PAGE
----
Private collection, Dublin

Literature: Leech, An Irish Painter Abroad, Denise Ferran, National Gallery of Ireland, October 1996, illustrated page 49

This unique study of Wicklow harbour is handled in much the same way as the many views Leech did of the harbour in Concarneau. The most distinctive feature is his handling of the rippling tide in bands across the canvas with the quayside buildings reflected off the water. There is an overall green tone which might suggest his delight in returning to his homeland after a long spell in France. Leech records a scene that has long since changed. The green fields above the town are now almost covered with houses. The chimney stacks of the old gas works have been demolished and the packet steamer no longer makes the crossing to England.

Photograph of a painting by the Irish artist, William John Leech

New Forest Farm

Oil on canvas, 21 ˝ x 18 inches. Signed by the artist

Inscribed verso with title

Exhibited: Royal Hibernian Academy, Dublin, 1948, number 20
Milmo-Penny Fine Art, June 1990

The perspective of this work suggests that it is one of the many views Leech painted in the 1940s looking out through a window. Normally, part of the window frame is included but not in this case. However, the proximity of the drain pipe to the edge of the canvas strengthens the suggestion. The unconventional planning of the painting is distinctly Leech. Although the fence along the edge of the forest leads the eye towards a sunlit field, the painting retains a flat single dimension common to many of the associated works. One interesting example for comparison from the same period is Haystack and Window, Evening which shows a single frame bar to the bottom and lace curtain to each side.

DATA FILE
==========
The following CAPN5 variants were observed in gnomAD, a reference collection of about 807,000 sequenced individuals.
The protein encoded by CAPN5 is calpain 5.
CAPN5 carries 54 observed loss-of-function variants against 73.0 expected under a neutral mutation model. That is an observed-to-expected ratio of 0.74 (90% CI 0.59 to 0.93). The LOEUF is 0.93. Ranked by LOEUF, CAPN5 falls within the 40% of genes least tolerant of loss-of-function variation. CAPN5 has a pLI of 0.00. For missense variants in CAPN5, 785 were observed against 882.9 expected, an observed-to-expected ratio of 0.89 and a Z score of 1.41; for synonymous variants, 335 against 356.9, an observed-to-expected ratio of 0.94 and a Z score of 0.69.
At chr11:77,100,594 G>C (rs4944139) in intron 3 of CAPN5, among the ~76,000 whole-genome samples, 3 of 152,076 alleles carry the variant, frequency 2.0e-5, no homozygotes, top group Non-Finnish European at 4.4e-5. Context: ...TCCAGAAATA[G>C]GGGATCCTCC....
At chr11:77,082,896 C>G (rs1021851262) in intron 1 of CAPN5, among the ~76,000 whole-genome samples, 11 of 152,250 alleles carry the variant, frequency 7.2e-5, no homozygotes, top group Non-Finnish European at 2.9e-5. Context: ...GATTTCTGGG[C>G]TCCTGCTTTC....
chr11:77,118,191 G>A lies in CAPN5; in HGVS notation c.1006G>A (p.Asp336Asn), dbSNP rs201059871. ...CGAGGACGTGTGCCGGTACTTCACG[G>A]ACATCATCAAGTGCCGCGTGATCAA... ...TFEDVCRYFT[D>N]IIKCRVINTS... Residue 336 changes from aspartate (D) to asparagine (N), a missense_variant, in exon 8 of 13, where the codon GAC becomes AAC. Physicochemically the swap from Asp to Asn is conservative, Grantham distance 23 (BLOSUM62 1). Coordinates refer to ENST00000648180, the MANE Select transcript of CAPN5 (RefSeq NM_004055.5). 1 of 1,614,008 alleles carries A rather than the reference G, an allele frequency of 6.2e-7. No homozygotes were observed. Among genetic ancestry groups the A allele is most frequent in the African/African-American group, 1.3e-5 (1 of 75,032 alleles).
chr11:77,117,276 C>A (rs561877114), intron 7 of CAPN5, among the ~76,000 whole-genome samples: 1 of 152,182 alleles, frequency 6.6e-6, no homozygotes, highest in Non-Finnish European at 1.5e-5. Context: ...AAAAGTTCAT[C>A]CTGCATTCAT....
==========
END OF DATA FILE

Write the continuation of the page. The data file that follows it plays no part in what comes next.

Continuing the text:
Photograph of a painting by the Irish artist, William John Leech

Alice Gordon Stelle in a Ball Gown

Oil on canvas, 48 x 25 inches. Signed by the artist

Inscribed verso, Alice Gordon Stelle, Villa Kerlia, Concarneau, France, 1916
Provenance: Private Collection U.S.A.;
de Veres, Dublin, March 96;

Milmo-Penny Fine Art, December 1999;
Private collection, Dublin

This colourful painting is an example of the great variety to be found in Leech’s work. The luminous sheen of the gown makes a very strong contrast with the rich, exotic pattern of the background. Although the model appears to be ill at ease, she is portrayed with poise and elegance, her arm and hand being particularly well painted. The composition may be compared to The Cigarette, painted around the same time, particularly in the handling of the costume. The format can be compared to the portrait of Suzanne Botterell, painted a few years later.

At the age of 18 Leech transferred from the Municipal School of Art in Dublin to the schools of the Royal Hibernian Academy. In these early years, Walter Osborne made an indelible impression on him. This was to shape his early career and influence his approach to painting. He left his native Dublin in 1903 for Paris, the start of a long career away from his homeland. From his earliest days in France he cultivated an appreciation of the landscape to which he remained faithful for life. He travelled extensively throughout Europe, eventually settling in England.

His output consists mainly of coastal and harbour scenes, landscapes, interiors, still life and portraits. Later in life, he developed a distinctive style which is immediately recognisable, employing his own carefully thought out principles and ideas, particularly in his approach to perspective. Some of his contemporaries recognised this unique quality and were influenced by his work.